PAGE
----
A new creative team on an established comic series is often met with a mix of fanfare and trepidation. Sadly, in the case of Green Arrow #35, I felt more fear than optimism. Sure, new writers Andrew Kriesberg and Ben Sokolowski are both established writers for both comics and television, but that’s not the issue. No, loyal readers, there’s but one word to sum up my issue: Arrow.
“But Silverwolf, don’t you like that series?” I hear you ask, and I’d respond with, “Yes, that’s right. In fact, I love Arrow.” But see, that’s where the problem lies: I like the Arrow universe because it presents a new spin on my favorite DC hero. I’d prefer if both the comic and the TV series held parallels, but were mostly separate entities. Is this fear justified? Let’s take a look at Green Arrow #35! Green Arrow #35 focuses on Oliver Queen’s present state after a whirlwind of changes. He’s transformed his corporation Queen Industries into the Queen Foundation, an organization concerned with improving the lives of Seattle’s struggling citizens. Though Lex Luthor and Bruce Wayne suggest a company merger to achieve greater profit, Ollie declines and instead decides to continue his focus on social justice. Meanwhile, the shadowy Mr. King has set his sights on a young woman who is perhaps more of a threat than even Green Arrow.
Kreisberg and Sokolowski show clear cognizance of Green Arrow’s character: they focus on his commitment to the downtrodden, the “little guys” who are often forgotten as most superheroes focus on Planet-Ending battles and ignore the plight of a lone man getting mugged or a child’s kidnapping. I quite liked this renewed focus, as the social justice element of Green Arrow was one thing that drew me to the character in the first place, and has been noticeably absent in recent years. There’s some decent banter in the issue, and while some jokes fall flat others are chuckle-worthy. The writers also tease the return of one of my favorite pre-New 52 characters, and it was definitely a bait-and-switch I didn’t expect from the solicit (even if another character’s arrival was expected).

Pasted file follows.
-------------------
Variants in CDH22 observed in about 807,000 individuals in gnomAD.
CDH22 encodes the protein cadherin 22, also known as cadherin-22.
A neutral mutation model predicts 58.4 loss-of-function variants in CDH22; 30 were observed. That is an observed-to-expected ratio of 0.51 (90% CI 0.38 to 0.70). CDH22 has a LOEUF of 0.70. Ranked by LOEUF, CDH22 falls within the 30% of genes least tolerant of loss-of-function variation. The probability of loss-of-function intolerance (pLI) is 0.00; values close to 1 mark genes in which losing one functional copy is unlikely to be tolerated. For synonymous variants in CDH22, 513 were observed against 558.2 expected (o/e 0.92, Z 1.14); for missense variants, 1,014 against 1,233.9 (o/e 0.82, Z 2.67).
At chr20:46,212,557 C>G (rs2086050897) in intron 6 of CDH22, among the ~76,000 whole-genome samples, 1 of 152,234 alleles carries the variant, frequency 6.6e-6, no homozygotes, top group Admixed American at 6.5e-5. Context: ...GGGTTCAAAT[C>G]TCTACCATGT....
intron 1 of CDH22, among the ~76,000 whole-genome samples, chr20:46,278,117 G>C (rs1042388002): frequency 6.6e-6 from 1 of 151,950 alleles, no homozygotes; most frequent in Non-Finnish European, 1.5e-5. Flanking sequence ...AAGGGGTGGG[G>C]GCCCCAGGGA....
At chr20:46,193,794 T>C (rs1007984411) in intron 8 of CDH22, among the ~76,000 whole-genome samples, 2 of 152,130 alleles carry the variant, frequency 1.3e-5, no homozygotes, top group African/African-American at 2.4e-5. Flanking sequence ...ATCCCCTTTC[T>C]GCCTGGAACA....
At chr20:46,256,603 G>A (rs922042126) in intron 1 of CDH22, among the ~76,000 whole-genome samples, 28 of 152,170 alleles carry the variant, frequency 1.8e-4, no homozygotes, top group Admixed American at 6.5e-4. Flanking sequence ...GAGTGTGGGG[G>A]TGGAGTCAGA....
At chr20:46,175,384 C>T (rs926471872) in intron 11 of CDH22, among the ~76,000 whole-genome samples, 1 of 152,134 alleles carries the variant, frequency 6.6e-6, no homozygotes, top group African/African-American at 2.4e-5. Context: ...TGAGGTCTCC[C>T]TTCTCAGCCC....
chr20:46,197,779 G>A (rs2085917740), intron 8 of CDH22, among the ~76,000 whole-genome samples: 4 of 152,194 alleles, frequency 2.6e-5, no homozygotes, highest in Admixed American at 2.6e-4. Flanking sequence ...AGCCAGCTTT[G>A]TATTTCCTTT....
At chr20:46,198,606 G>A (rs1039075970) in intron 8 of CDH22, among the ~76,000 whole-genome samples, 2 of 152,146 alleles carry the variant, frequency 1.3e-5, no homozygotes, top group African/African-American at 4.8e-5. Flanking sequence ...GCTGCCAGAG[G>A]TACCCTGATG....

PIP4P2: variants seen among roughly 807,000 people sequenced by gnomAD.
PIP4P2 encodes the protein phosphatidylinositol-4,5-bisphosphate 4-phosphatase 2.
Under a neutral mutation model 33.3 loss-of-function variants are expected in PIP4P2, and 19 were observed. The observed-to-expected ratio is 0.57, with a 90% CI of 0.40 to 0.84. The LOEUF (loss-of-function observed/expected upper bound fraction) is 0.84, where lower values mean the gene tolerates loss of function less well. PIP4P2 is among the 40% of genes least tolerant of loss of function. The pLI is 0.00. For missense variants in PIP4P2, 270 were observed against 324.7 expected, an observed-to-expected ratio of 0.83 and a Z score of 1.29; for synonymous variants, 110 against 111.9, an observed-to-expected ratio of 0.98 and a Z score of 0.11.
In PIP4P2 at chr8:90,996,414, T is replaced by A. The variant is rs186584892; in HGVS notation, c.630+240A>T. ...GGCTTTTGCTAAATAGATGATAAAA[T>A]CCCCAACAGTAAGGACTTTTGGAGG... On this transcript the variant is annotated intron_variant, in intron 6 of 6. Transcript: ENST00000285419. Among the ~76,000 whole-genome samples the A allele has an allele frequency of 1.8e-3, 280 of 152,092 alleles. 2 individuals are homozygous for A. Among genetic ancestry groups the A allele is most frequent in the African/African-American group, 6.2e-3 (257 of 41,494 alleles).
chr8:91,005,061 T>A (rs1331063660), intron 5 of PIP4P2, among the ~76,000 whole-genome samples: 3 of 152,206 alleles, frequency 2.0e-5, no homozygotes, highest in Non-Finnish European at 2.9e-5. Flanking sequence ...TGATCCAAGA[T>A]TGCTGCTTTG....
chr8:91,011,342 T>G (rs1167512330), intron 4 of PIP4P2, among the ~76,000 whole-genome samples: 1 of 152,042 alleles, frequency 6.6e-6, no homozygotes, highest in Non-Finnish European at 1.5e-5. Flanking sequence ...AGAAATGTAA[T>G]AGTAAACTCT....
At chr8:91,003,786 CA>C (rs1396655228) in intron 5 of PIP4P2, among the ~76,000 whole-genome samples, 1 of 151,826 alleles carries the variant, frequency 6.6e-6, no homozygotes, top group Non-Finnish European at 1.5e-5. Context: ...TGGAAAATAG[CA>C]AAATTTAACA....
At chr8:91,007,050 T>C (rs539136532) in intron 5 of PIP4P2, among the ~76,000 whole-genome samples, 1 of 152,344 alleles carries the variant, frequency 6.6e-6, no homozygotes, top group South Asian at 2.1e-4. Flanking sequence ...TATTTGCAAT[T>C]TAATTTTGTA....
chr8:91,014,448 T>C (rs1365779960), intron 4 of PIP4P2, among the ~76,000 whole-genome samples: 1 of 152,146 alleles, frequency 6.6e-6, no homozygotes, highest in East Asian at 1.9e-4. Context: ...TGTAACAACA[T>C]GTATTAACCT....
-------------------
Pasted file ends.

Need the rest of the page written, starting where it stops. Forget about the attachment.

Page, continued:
Daniel Sampere leads the art team and performs superbly. Sampere’s pencil work fits a street level hero book: his lines are clean, his action scenes kinetic, but nothing feels unbelievable. The panel layout is commendable as well, and we’re treated to clean, straightforward comic book art. Inker Johnathan Glapion and colorist Gabe Eltaeb lend their considerable skills to the work, further enhancing the comic. Letterer Rob Leigh, who possesses a list of superb credits, continues a strong run in this issue as well.
On some level, I wanted to hate the new team on Green Arrow. But you know what? At the end of the day, it’s clear these creators have poured their passion into this project and are devoted to bringing the Emerald Archer back to his socially-conscious roots. Is it as strong as the previous team? No. Is it vastly different? Yes. But neither of those things are inherently negative, and it isn’t really fair to compare this new team to what came before when their vision is clearly different. I think Kreisberg, Sokolowski, and Sampere gave us a solid first issue and set up a lot of potential. I’m not utterly ensorcelled by this new team yet, but I’m still in for the ride. Give this new team a try.
-returns GA to his social crusader roots
-hints at the return of one of my favorite characters in Green Arrow lore
-doesn’t “wow” me the way Sorrentino and Lemire did
-clear shift away from plot threads established by previous teams
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